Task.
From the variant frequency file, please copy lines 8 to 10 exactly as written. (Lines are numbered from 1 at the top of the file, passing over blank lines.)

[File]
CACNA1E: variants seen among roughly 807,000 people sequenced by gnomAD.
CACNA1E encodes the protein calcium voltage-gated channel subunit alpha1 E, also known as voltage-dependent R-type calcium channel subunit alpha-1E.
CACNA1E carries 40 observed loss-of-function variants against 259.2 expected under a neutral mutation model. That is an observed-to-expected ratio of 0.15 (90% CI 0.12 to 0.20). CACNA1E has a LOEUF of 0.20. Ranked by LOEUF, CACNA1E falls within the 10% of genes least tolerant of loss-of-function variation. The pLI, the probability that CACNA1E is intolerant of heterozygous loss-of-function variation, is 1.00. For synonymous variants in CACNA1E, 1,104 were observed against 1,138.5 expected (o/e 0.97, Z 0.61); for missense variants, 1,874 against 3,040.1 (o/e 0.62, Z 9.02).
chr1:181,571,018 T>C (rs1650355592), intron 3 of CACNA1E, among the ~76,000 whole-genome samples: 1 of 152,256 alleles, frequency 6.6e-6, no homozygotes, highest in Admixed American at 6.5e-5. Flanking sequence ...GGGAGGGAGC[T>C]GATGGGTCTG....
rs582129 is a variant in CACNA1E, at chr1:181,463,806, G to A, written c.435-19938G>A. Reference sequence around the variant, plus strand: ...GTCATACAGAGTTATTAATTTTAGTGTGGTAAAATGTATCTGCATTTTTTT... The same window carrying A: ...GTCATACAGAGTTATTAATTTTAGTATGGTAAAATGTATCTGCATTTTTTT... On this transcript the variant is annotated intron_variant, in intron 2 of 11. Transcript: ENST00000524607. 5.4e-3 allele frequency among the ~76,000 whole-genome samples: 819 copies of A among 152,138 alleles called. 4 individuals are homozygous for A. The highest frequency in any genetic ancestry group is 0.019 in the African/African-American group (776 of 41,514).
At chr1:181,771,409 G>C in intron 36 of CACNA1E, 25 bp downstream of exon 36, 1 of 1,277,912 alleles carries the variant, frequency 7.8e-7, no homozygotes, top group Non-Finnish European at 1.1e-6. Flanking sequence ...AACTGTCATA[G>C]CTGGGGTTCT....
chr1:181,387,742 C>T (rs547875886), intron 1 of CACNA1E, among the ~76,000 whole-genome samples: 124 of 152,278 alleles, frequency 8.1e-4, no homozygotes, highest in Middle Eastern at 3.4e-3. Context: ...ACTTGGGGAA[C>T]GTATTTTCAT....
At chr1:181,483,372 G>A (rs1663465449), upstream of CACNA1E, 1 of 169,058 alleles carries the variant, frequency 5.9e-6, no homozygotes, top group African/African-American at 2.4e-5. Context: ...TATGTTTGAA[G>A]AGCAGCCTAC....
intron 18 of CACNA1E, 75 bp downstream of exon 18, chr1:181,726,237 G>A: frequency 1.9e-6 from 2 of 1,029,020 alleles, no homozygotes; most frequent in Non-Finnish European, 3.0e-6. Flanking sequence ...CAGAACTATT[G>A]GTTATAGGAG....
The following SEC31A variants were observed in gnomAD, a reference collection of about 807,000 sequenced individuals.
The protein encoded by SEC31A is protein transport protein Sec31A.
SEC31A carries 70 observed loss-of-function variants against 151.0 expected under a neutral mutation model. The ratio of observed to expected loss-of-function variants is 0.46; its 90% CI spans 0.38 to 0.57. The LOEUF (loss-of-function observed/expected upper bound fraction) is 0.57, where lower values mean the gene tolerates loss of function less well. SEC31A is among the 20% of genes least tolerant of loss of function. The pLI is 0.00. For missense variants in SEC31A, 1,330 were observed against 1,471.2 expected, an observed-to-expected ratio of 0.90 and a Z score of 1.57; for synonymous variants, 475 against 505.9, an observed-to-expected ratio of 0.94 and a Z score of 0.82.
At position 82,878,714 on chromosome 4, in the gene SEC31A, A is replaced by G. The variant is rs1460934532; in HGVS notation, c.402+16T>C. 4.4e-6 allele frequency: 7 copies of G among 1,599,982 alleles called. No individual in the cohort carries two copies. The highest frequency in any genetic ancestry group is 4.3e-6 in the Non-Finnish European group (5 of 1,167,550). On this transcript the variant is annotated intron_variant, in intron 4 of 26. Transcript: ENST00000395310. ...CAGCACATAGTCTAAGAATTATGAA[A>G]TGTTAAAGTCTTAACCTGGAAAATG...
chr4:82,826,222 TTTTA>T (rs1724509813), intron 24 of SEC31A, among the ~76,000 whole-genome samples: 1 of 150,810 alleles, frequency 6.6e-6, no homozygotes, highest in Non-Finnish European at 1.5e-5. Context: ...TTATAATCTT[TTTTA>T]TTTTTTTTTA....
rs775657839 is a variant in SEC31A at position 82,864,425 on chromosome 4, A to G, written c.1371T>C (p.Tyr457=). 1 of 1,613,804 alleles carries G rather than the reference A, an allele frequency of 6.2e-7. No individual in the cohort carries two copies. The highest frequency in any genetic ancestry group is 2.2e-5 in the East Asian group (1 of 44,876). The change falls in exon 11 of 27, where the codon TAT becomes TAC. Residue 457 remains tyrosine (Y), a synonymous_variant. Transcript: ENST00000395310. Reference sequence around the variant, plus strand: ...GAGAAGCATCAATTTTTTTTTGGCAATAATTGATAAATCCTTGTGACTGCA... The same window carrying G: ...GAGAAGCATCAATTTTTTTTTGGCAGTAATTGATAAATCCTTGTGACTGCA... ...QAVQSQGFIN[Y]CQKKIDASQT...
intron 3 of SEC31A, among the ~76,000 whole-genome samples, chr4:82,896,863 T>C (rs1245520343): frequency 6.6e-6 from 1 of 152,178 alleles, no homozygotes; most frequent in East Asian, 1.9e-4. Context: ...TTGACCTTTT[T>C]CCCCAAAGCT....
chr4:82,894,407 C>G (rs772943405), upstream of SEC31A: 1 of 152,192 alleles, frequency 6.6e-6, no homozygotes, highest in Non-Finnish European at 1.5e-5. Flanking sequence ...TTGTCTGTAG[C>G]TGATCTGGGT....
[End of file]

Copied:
At chr1:181,483,372 G>A (rs1663465449), upstream of CACNA1E, 1 of 169,058 alleles carries the variant, frequency 5.9e-6, no homozygotes, top group African/African-American at 2.4e-5. Context: ...TATGTTTGAA[G>A]AGCAGCCTAC....
intron 18 of CACNA1E, 75 bp downstream of exon 18, chr1:181,726,237 G>A: frequency 1.9e-6 from 2 of 1,029,020 alleles, no homozygotes; most frequent in Non-Finnish European, 3.0e-6. Flanking sequence ...CAGAACTATT[G>A]GTTATAGGAG....
The following SEC31A variants were observed in gnomAD, a reference collection of about 807,000 sequenced individuals.